Thursday, 13 August 2020 : 19th Week of Ordinary Time, Memorial of Pope St. Pontian, Pope and Martyr, and St. Hippolytus, Priest and Martyr (First Reading)

Liturgical Colour : Green or Red (Martyrs)

Ezekiel 12 : 1-12

This word of YHVH came to me, “Son of man, you live in the midst of a house of rebels : they have eyes for seeing but do not see; they have ears for hearing but do not hear; for they are a house of rebels. Because of this, son of man, prepare for yourself an exile’s baggage in their sight, as an exile does; and go as an exile, to another place, in their sight. Would that they might understand, because they are a house of rebels.”

“You will gather your things, an exile’s baggage, by day, to be seen by them; and you will leave in the evening, as for a departure of deportees. While they look on, dig a hole in the wall and leave from there. As they look on, shoulder your baggage and leave in the dark. Veil your face and do not look at the land, for I have made you a sign for Israel.”

I did as I was ordered, gathering my things by day, an exile’s baggage, and, in the evening, I made a hole in the wall with my hand. I left in the dark, in their presence, shouldering my baggage. In the morning, the word of YHVH came to me : “Son of man, did not the Israelites, these rebels, ask you, ‘What are you doing there?’ Answer them on behalf of YHVH : This oracle concerns the prince in Jerusalem and all the Israelites remaining in the city.”

“Say, ‘I am a sign for you,’ for what I have done will happen to them : They will be deported, exiled. The prince among them shall shoulder his baggage in the dark and depart. They will dig a hole in the wall to let him leave by it. He will cover his face because he must not see the land with his eyes.”

Tuesday, 13 August 2019 : 19th Week of Ordinary Time, Memorial of Pope St. Pontian, Pope and Martyr, and St. Hippolytus, Priest and Martyr (Homily and Scripture Reflections)

Liturgical Colour : Green or Red (Martyrs)

Dear brothers and sisters in Christ, on this day we listened to the words of the Scripture reminding us all of the love which God has constantly shown to us, despite all of our disobedience and refusal to love Him. He has always been faithful to the Covenant He made with each and every one of us, and He has blessed us all throughout these lives we have, and everything that we are today, all of these are because of Him and His endless love for us.

In our first reading passage today from the Book of Deuteronomy, Moses, who was at the last moments of his life, was speaking to the entire congregation of the people of Israel, those who have survived the whole forty years journey through the desert, having been led and guided by God throughout all those years of ordeal, suffering, trials and time of purification from their sins.

Those who have sinned and disobeyed God had perished in the desert as God Himself had told them, while their sons and daughters and those who remained faithful to God were the only ones who would then enter into the land promised to them and their ancestors, the land of Canaan. Moses reassured them all that God would be with all of them and they had nothing to fear. It was because of that fear which made Israel disobeyed and distrusted the Lord that caused the whole nation to wander in the desert for forty years in the first place.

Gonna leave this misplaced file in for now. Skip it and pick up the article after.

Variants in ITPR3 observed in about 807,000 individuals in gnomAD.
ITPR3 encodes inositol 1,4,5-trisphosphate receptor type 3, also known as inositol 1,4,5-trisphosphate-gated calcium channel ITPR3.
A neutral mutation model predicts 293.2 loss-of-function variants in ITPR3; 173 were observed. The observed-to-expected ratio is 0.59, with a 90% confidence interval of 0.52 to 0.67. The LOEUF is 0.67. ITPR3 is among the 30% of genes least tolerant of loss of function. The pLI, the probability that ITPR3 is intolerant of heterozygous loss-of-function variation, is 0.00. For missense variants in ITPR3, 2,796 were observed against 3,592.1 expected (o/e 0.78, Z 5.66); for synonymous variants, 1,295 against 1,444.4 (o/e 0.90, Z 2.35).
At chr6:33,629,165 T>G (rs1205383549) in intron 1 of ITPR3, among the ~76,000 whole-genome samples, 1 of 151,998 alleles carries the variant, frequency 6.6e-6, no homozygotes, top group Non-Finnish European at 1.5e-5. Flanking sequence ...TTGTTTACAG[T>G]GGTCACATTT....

God has always been faithful, and He continues to love His people generously as He has always been. And that is the clear message of today’s passage from the Book of Deuteronomy. God will care for us and take care of everything we need, but we need to trust in Him and put our whole lives, our whole existence in His care and devote ourselves to His providence and His compassionate mercy.

In our Gospel passage today, the Lord through His Son, Jesus Christ, Our Lord and Saviour, reminds us yet again of this love which He has for all of us. By using the example and parable of the lost sheep, He shows that if even any one of us, represented by the sheep of the flock, wanders off and becomes lost, God, as our ever loving and dedicated Shepherd, will go all the way to look for us and to find us, and be reunited with us.

That is exactly what He has done, brothers and sisters in Christ, by willingly humbling Himself and assuming the form of our humanity, in becoming the Son of Man, Jesus Christ, to become the One through Whom we would be saved, by His works and by His ultimate sacrifice of love, the sacrifice of the Cross. God loves us so much that He willingly embraced all the sufferings and the pains of the punishments for our sins, and by His Cross, He unites us all back to Himself, reconciling us all by the atonement for our sins.

But His love, compassion, mercy and forgiveness will not be able to enter into us, if we remain obstinate and stubborn as those Israelites who have disobeyed and rebelled against God. They have closed their hearts and minds against the Lord and preferred to follow the temptations and false promises of Satan instead of listening to and obeying the Lord Who has loved and cared for them throughout all those years.

That is why, all of us need to reexamine our lives and reflect on the other words of the Lord today, Who has mentioned that unless we are like children in the manner of our faith, we will not be able to enter into the kingdom of heaven. Why is this so? That is because we all surely know how children usually behave. Children below a certain age of understanding and knowledge are truly pure and innocent, and they will believe whatever they have heard, seen and experienced wholeheartedly.